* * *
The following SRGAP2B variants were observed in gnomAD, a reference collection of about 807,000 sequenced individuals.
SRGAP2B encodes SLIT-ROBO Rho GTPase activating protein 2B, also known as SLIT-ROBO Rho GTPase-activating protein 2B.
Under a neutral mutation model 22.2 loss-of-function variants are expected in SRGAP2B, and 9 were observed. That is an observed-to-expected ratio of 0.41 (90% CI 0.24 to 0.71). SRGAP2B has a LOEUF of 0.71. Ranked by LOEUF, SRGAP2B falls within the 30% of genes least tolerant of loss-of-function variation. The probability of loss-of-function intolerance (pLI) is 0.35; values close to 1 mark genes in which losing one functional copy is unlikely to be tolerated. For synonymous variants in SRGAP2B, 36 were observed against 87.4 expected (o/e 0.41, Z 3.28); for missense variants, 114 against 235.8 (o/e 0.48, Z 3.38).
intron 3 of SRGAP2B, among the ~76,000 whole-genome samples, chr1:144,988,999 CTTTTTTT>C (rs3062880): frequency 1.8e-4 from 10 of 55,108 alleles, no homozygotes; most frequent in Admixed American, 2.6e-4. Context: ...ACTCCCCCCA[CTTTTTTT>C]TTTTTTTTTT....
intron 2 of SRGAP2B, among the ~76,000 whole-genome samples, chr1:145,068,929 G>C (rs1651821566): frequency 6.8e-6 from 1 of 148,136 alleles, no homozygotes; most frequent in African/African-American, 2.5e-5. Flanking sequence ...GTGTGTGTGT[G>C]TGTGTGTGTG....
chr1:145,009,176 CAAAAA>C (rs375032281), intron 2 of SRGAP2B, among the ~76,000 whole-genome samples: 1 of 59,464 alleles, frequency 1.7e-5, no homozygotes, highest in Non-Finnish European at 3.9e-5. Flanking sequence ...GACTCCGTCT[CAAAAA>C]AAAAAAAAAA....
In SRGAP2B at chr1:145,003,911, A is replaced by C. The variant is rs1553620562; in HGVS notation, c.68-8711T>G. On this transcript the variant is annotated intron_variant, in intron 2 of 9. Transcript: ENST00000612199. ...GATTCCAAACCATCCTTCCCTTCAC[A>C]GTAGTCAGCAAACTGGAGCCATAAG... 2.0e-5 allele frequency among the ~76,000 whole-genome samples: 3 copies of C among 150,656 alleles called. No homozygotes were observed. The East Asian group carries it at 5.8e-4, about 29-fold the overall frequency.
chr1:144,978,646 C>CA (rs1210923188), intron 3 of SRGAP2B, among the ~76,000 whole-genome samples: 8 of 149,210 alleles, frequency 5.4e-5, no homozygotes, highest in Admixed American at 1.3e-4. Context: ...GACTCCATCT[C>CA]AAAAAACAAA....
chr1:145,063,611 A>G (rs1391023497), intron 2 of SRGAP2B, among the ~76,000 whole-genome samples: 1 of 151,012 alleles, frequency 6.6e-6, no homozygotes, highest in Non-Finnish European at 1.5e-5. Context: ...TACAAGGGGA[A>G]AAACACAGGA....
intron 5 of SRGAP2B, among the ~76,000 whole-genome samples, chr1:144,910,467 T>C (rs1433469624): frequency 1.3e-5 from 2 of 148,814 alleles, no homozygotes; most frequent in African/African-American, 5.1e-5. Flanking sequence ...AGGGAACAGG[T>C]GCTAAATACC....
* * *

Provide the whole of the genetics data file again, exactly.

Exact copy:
The following SRGAP2B variants were observed in gnomAD, a reference collection of about 807,000 sequenced individuals.
SRGAP2B encodes SLIT-ROBO Rho GTPase activating protein 2B, also known as SLIT-ROBO Rho GTPase-activating protein 2B.
Under a neutral mutation model 22.2 loss-of-function variants are expected in SRGAP2B, and 9 were observed. That is an observed-to-expected ratio of 0.41 (90% CI 0.24 to 0.71). SRGAP2B has a LOEUF of 0.71. Ranked by LOEUF, SRGAP2B falls within the 30% of genes least tolerant of loss-of-function variation. The probability of loss-of-function intolerance (pLI) is 0.35; values close to 1 mark genes in which losing one functional copy is unlikely to be tolerated. For synonymous variants in SRGAP2B, 36 were observed against 87.4 expected (o/e 0.41, Z 3.28); for missense variants, 114 against 235.8 (o/e 0.48, Z 3.38).
intron 3 of SRGAP2B, among the ~76,000 whole-genome samples, chr1:144,988,999 CTTTTTTT>C (rs3062880): frequency 1.8e-4 from 10 of 55,108 alleles, no homozygotes; most frequent in Admixed American, 2.6e-4. Context: ...ACTCCCCCCA[CTTTTTTT>C]TTTTTTTTTT....
intron 2 of SRGAP2B, among the ~76,000 whole-genome samples, chr1:145,068,929 G>C (rs1651821566): frequency 6.8e-6 from 1 of 148,136 alleles, no homozygotes; most frequent in African/African-American, 2.5e-5. Flanking sequence ...GTGTGTGTGT[G>C]TGTGTGTGTG....
chr1:145,009,176 CAAAAA>C (rs375032281), intron 2 of SRGAP2B, among the ~76,000 whole-genome samples: 1 of 59,464 alleles, frequency 1.7e-5, no homozygotes, highest in Non-Finnish European at 3.9e-5. Flanking sequence ...GACTCCGTCT[CAAAAA>C]AAAAAAAAAA....
In SRGAP2B at chr1:145,003,911, A is replaced by C. The variant is rs1553620562; in HGVS notation, c.68-8711T>G. On this transcript the variant is annotated intron_variant, in intron 2 of 9. Transcript: ENST00000612199. ...GATTCCAAACCATCCTTCCCTTCAC[A>C]GTAGTCAGCAAACTGGAGCCATAAG... 2.0e-5 allele frequency among the ~76,000 whole-genome samples: 3 copies of C among 150,656 alleles called. No homozygotes were observed. The East Asian group carries it at 5.8e-4, about 29-fold the overall frequency.
chr1:144,978,646 C>CA (rs1210923188), intron 3 of SRGAP2B, among the ~76,000 whole-genome samples: 8 of 149,210 alleles, frequency 5.4e-5, no homozygotes, highest in Admixed American at 1.3e-4. Context: ...GACTCCATCT[C>CA]AAAAAACAAA....
chr1:145,063,611 A>G (rs1391023497), intron 2 of SRGAP2B, among the ~76,000 whole-genome samples: 1 of 151,012 alleles, frequency 6.6e-6, no homozygotes, highest in Non-Finnish European at 1.5e-5. Context: ...TACAAGGGGA[A>G]AAACACAGGA....
intron 5 of SRGAP2B, among the ~76,000 whole-genome samples, chr1:144,910,467 T>C (rs1433469624): frequency 1.3e-5 from 2 of 148,814 alleles, no homozygotes; most frequent in African/African-American, 5.1e-5. Flanking sequence ...AGGGAACAGG[T>C]GCTAAATACC....